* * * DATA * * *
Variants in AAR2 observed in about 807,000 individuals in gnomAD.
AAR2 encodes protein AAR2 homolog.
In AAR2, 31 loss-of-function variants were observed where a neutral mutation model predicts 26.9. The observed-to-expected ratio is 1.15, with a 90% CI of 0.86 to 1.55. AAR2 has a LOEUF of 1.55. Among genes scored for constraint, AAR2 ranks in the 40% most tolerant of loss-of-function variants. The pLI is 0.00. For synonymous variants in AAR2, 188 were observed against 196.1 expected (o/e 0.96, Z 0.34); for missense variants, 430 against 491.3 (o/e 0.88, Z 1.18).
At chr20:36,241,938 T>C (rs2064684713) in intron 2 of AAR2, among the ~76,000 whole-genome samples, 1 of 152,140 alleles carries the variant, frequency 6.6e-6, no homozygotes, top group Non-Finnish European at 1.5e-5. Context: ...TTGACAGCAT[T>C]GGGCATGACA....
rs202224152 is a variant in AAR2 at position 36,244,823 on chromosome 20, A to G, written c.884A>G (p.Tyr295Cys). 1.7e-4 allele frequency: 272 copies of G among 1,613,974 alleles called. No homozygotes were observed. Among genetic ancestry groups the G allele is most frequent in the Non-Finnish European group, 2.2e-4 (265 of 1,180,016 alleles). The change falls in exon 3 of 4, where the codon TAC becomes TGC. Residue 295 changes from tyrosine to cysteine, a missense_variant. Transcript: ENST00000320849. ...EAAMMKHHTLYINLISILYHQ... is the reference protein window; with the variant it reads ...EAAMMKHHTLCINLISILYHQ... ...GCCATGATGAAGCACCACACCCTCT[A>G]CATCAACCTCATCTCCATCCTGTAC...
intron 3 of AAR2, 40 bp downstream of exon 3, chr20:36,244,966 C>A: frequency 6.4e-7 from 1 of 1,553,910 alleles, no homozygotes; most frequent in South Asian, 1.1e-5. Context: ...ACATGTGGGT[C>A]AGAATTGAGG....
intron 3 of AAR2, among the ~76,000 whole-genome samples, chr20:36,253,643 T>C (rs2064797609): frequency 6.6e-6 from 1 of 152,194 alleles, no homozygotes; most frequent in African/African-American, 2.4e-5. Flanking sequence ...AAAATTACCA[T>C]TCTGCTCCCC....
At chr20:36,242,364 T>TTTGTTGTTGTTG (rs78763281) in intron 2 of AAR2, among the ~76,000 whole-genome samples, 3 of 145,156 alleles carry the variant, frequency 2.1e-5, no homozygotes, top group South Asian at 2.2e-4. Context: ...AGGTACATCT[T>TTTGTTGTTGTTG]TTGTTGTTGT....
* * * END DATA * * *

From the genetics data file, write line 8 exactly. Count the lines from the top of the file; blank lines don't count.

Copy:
At chr20:36,242,364 T>TTTGTTGTTGTTG (rs78763281) in intron 2 of AAR2, among the ~76,000 whole-genome samples, 3 of 145,156 alleles carry the variant, frequency 2.1e-5, no homozygotes, top group South Asian at 2.2e-4. Context: ...AGGTACATCT[T>TTTGTTGTTGTTG]TTGTTGTTGT....